“If you want to awaken all of humanity, then awaken all of yourself. If you want to eliminate the suffering in the world, then eliminate all that is dark and negative in yourself. Truly, the greatest gift you have to give is that of your own transformation.”
~ Lao Tzu ~
Buddhism is a religion and philosophy with a wide variety of traditions, beliefs and practices which are largely based on the teachings of Siddhartha Gautama, commonly known as the Buddha (Pali / Sanskrit “The Awakening”).
Two main branches of Buddhism are recognized: Theravada (“The School of the Elders”) and Mahayana (“Greater”) vehicle.
Theravada, the older branch, has a widespread following in Sri Lanka and Southeast Asia. Mahayana has a large following across east Asia and encompasses the traditions of the Pure Land, Zen, Nichiren Buddhism, Tibetan Buddhism, Shingon, Tendai and Shinnyo-en. While Buddhism is the most popular in Asia, the two branches have now spread across the entire world.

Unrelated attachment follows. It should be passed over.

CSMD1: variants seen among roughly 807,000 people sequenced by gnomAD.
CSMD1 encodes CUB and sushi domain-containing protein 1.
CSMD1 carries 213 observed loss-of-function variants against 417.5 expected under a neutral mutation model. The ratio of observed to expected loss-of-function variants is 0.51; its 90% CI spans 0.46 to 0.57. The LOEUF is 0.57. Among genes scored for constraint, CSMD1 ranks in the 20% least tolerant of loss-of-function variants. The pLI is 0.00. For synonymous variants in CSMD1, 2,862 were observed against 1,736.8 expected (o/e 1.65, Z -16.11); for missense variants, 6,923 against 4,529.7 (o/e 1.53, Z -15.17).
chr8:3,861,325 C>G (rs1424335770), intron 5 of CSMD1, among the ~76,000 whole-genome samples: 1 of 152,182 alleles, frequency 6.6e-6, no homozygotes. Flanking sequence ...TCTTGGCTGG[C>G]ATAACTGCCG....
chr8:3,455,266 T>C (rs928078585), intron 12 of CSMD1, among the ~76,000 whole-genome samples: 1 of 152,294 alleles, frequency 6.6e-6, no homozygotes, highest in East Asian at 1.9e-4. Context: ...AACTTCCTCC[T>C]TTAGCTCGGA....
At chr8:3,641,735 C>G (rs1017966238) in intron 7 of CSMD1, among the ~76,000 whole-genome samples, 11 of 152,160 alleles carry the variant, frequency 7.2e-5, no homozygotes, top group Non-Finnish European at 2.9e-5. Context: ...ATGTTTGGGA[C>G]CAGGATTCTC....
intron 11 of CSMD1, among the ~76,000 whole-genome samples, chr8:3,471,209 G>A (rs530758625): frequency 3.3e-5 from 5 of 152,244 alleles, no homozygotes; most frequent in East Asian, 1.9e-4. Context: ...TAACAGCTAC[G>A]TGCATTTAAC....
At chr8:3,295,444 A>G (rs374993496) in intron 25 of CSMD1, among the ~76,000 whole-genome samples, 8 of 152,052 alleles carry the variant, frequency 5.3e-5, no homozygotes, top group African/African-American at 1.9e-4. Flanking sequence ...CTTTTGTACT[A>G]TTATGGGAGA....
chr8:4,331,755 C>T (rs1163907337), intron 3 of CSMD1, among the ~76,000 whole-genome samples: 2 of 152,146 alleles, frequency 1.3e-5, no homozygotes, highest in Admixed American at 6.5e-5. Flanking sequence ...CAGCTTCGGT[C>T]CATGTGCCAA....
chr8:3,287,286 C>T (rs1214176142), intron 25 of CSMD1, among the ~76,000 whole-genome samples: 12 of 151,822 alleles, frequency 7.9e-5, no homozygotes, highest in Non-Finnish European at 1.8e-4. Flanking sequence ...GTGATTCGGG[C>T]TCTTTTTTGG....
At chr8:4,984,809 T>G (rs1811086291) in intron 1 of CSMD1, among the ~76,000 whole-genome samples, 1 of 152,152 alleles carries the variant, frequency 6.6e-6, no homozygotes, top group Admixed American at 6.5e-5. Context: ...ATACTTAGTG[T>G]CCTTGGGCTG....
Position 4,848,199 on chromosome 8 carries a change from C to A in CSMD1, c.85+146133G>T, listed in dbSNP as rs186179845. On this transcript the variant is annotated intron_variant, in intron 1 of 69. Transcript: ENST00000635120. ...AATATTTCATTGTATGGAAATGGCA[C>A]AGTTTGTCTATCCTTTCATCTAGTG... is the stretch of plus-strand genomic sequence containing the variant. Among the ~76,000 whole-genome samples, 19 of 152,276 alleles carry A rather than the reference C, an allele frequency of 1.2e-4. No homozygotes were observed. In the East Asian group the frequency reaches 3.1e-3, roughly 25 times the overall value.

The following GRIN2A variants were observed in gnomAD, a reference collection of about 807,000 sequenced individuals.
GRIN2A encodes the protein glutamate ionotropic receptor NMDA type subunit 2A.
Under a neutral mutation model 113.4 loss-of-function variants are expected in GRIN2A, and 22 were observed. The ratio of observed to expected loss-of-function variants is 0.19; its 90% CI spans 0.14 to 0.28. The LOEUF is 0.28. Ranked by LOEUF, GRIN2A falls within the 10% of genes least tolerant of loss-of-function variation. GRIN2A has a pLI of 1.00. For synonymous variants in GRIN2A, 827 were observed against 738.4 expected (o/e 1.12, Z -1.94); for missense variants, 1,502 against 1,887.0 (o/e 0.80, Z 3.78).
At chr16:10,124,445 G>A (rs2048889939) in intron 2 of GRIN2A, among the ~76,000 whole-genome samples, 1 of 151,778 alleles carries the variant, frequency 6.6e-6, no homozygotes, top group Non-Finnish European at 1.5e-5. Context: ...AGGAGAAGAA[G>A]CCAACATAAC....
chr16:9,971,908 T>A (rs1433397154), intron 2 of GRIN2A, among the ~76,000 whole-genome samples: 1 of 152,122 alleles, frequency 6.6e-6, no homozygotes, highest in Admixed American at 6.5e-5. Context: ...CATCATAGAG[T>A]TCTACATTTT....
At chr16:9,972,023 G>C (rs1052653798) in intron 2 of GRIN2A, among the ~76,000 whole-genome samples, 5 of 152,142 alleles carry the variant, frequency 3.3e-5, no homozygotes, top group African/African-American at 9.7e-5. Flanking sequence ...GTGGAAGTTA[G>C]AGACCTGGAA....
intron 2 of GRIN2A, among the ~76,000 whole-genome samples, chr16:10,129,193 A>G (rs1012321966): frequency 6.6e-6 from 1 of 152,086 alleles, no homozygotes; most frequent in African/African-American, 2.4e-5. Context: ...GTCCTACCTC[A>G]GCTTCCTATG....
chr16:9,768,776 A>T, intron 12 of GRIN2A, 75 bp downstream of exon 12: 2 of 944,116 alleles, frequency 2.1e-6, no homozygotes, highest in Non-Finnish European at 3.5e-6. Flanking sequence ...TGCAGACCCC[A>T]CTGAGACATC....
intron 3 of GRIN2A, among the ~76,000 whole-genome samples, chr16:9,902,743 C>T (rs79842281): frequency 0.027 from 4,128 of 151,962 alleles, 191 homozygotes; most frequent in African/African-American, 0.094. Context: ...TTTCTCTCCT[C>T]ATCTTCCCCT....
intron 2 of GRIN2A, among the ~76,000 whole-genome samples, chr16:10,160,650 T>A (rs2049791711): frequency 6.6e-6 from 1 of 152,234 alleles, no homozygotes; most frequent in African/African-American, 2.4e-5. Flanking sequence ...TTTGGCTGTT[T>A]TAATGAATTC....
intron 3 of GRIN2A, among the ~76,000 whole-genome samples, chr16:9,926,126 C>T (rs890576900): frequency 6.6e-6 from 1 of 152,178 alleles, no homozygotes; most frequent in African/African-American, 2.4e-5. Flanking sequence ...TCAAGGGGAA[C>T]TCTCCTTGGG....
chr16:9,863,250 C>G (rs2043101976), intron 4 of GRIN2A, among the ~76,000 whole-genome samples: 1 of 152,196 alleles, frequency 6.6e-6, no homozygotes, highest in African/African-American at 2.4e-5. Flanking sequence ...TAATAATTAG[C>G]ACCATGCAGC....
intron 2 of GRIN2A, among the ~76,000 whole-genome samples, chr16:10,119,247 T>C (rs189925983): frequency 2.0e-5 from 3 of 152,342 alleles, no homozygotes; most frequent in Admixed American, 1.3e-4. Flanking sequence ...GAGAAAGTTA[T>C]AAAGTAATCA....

The basic practices of Buddhism are geared toward meditation. But Zen Buddhist practices extend beyond.
Rinzai and Soto are two of the seven great Zen Buddhists in Japan with Soto being the most common one of the two. In fact, the word “Zen”, comes from the Sanskrit word for meditation. All can be transformed into “zazen” which is the name of a Zen Buddhist meditation technique. Regular daily practice is of paramount importance.
Buddhists from Monaco spend a lot of time meditating. Meditation on the koan is mainly used by the branch of the Rinzai Zen. All practitioners of Zen Buddhism seek enlightenment. Although meditation is the most important part of the practice, the addition of other techniques can help achieve this goal.